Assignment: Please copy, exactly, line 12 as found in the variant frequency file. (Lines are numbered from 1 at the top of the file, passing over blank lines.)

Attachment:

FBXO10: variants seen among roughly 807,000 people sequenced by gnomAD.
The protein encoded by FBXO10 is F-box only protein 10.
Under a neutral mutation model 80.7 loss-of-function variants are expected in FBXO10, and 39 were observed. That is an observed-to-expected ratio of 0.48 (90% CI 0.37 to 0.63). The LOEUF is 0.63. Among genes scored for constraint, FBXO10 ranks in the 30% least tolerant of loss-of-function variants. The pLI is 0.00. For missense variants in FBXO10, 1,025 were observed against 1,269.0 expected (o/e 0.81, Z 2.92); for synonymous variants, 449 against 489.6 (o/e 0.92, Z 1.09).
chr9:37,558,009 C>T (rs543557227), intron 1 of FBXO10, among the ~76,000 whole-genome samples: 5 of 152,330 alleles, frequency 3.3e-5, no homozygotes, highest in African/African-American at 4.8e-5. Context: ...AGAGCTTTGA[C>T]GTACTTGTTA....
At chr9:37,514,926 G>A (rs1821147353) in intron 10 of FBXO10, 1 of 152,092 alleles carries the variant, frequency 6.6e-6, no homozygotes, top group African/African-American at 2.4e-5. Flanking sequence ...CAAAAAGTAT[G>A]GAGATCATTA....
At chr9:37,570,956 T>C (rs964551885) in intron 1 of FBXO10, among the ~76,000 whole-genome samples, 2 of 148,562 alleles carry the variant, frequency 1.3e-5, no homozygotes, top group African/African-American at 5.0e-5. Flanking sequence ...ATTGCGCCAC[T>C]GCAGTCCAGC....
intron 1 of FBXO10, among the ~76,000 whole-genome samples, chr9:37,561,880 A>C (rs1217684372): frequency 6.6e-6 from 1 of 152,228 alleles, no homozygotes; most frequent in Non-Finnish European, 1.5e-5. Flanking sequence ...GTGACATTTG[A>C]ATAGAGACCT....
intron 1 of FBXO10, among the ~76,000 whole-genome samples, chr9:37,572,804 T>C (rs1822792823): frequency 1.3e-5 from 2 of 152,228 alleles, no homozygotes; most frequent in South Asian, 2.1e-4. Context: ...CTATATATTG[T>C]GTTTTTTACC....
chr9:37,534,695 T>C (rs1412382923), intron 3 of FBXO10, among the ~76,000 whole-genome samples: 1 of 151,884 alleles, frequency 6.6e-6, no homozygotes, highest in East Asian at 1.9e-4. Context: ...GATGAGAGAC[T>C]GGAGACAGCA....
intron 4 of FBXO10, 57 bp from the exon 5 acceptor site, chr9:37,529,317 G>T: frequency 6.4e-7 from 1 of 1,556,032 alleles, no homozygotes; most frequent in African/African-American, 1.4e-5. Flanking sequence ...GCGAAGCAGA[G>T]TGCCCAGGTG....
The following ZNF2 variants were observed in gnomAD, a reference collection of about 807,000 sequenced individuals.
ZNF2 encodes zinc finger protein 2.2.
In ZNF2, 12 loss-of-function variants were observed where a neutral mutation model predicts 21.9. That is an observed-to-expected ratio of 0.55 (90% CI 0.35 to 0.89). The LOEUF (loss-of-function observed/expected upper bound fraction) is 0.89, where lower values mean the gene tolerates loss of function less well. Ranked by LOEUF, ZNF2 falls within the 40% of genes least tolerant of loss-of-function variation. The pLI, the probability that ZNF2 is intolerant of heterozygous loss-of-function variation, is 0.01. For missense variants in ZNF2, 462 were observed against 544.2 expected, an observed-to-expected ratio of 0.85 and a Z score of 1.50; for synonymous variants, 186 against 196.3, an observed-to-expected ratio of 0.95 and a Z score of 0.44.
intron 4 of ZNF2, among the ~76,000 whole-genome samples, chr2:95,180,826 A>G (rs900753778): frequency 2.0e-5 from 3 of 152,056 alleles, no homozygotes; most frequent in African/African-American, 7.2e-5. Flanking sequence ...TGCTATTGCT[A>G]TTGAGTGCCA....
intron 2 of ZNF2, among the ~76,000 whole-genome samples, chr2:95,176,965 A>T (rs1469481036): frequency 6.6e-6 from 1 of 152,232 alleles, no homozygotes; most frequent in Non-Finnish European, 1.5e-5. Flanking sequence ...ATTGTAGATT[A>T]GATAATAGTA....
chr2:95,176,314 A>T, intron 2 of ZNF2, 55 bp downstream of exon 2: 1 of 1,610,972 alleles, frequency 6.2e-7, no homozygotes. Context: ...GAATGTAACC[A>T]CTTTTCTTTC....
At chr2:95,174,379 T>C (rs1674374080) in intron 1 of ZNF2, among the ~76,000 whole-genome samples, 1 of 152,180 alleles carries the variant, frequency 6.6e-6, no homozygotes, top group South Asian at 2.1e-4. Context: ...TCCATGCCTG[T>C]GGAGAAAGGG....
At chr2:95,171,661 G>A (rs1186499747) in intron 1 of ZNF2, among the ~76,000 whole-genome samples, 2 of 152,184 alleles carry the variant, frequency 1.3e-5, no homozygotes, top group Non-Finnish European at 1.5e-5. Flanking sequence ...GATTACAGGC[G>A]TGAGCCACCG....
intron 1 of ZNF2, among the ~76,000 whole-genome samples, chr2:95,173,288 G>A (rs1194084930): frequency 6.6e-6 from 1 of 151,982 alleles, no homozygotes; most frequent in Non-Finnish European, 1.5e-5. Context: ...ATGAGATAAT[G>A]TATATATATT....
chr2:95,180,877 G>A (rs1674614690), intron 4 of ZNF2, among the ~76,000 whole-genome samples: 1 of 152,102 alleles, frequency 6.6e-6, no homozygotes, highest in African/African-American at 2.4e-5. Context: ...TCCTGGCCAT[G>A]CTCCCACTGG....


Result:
ZNF2 encodes zinc finger protein 2.2.